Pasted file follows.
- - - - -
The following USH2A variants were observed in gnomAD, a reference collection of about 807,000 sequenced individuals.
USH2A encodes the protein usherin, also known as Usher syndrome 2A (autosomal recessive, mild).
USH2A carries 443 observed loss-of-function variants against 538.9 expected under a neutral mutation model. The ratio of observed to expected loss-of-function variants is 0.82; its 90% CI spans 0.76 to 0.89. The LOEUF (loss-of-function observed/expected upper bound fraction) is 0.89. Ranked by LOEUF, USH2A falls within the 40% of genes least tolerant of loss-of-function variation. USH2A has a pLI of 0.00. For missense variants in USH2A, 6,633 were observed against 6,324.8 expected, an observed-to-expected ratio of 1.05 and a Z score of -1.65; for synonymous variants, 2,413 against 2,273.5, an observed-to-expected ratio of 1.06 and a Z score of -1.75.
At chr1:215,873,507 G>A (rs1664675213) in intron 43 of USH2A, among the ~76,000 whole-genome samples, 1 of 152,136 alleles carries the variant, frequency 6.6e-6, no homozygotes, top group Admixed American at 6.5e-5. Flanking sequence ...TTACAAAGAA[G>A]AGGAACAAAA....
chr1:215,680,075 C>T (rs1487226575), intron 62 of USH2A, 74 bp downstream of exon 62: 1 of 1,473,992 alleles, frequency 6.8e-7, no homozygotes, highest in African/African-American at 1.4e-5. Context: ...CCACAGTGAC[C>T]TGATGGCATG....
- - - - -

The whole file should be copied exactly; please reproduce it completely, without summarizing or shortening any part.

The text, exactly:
The following USH2A variants were observed in gnomAD, a reference collection of about 807,000 sequenced individuals.
USH2A encodes the protein usherin, also known as Usher syndrome 2A (autosomal recessive, mild).
USH2A carries 443 observed loss-of-function variants against 538.9 expected under a neutral mutation model. The ratio of observed to expected loss-of-function variants is 0.82; its 90% CI spans 0.76 to 0.89. The LOEUF (loss-of-function observed/expected upper bound fraction) is 0.89. Ranked by LOEUF, USH2A falls within the 40% of genes least tolerant of loss-of-function variation. USH2A has a pLI of 0.00. For missense variants in USH2A, 6,633 were observed against 6,324.8 expected, an observed-to-expected ratio of 1.05 and a Z score of -1.65; for synonymous variants, 2,413 against 2,273.5, an observed-to-expected ratio of 1.06 and a Z score of -1.75.
At chr1:215,873,507 G>A (rs1664675213) in intron 43 of USH2A, among the ~76,000 whole-genome samples, 1 of 152,136 alleles carries the variant, frequency 6.6e-6, no homozygotes, top group Admixed American at 6.5e-5. Flanking sequence ...TTACAAAGAA[G>A]AGGAACAAAA....
chr1:215,680,075 C>T (rs1487226575), intron 62 of USH2A, 74 bp downstream of exon 62: 1 of 1,473,992 alleles, frequency 6.8e-7, no homozygotes, highest in African/African-American at 1.4e-5. Context: ...CCACAGTGAC[C>T]TGATGGCATG....